July 12, 2007
What are clawbacks? And how do they relate to controversial business incentives designed to boost North Carolina's economy? N.C. State University economist Mike Walden answers.
"We are not talking about food -- unfortunately we are talking about economics," says Dr. Walden, a North Carolina Cooperative Extension specialist. "And clawbacks actually ... is a term that is related to business incentives.
"People know about business incentives: This is where the government reduces or perhaps forgives taxes to a particular business in order to get that business to locate, in our case, in North Carolina," he adds.
"They are very controversial: Some people think they are needed; other people think they are not needed.
"But anyway, clawbacks may actually be a middle ground here that can get both opponents and proponents of incentives together, because with clawbacks incentives are based on performance.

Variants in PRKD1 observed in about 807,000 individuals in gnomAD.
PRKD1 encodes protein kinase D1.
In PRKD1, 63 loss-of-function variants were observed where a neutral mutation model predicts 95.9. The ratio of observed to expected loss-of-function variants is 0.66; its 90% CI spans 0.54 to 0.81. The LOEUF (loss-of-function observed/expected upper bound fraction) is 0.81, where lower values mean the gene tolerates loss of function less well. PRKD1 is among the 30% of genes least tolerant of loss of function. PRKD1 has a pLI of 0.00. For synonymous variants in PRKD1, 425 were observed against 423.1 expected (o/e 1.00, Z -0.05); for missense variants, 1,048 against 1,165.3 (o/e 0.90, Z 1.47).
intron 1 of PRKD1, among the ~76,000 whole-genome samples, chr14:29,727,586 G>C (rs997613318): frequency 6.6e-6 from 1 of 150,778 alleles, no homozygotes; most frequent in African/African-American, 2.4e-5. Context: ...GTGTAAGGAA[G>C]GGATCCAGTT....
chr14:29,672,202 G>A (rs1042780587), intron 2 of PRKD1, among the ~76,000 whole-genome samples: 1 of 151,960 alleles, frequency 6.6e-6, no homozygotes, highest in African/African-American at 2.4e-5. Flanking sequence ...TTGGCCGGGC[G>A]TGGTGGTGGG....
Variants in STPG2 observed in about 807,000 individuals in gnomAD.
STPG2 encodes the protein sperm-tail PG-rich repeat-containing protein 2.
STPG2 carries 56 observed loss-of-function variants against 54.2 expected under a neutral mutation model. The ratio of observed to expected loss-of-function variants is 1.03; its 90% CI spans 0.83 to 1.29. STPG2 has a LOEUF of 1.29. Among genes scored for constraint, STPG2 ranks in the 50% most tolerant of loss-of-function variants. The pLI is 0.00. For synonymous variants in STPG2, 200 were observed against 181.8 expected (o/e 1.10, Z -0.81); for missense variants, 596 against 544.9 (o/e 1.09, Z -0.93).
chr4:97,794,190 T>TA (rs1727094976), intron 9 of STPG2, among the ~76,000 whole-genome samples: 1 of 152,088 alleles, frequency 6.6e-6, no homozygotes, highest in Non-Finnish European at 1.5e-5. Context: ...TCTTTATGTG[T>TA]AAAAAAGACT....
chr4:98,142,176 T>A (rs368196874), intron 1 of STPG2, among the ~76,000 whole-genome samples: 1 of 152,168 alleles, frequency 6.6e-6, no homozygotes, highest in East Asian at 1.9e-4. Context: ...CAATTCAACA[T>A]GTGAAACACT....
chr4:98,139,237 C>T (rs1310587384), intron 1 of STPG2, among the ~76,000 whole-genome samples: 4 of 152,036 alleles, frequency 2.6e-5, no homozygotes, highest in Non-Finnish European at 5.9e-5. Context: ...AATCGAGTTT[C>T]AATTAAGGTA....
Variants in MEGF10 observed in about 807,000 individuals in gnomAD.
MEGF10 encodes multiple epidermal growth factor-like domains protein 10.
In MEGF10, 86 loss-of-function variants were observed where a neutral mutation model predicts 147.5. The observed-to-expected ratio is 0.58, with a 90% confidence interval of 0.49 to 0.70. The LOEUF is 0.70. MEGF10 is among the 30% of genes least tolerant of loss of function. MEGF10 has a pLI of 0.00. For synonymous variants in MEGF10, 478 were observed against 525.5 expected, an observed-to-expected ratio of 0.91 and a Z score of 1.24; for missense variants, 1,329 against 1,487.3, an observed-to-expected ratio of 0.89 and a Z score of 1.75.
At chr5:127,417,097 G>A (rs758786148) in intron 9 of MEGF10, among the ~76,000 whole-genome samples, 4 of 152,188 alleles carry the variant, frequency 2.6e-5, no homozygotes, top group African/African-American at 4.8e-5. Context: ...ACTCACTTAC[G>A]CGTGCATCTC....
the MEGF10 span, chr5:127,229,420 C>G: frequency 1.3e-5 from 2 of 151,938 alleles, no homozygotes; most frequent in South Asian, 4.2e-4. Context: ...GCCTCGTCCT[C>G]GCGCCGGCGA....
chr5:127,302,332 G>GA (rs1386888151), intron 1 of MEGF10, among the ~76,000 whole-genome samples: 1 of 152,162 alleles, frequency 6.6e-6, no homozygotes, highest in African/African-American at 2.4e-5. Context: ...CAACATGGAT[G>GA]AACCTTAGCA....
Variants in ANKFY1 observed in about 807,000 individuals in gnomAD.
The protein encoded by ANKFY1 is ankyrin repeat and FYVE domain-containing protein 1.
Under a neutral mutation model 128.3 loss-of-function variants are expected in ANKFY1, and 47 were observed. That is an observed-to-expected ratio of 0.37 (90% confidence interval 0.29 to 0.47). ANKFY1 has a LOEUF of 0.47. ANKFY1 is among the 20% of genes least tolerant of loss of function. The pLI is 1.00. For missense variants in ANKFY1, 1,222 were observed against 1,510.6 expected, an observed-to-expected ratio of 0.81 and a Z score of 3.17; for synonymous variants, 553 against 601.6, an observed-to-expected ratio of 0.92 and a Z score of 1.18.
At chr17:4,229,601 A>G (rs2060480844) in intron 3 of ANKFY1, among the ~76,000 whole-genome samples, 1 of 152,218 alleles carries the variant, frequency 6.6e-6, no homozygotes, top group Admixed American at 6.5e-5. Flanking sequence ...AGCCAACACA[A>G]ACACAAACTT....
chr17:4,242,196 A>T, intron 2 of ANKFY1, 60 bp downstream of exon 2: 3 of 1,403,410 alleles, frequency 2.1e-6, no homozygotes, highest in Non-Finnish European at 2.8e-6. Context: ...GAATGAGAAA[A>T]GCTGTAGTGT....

"What happens is the firm [that] is locating, in our case, in North Carolina, gets a promise of, for example, a tax break as long however as they met certain performance standards," he explains. "That is, as long as after a certain number of months or years, they have made the investments and created the jobs that they have said.
"If those standards are not met," Walden continues, "then some of those incentives are reduced, or clawed back, to the state. And in fact clawbacks are now being used by most states, including North Carolina, and I think they are a way of softening some of the opposition to business incentives."
Posted by deeshore at July 12, 2007 08:00 AM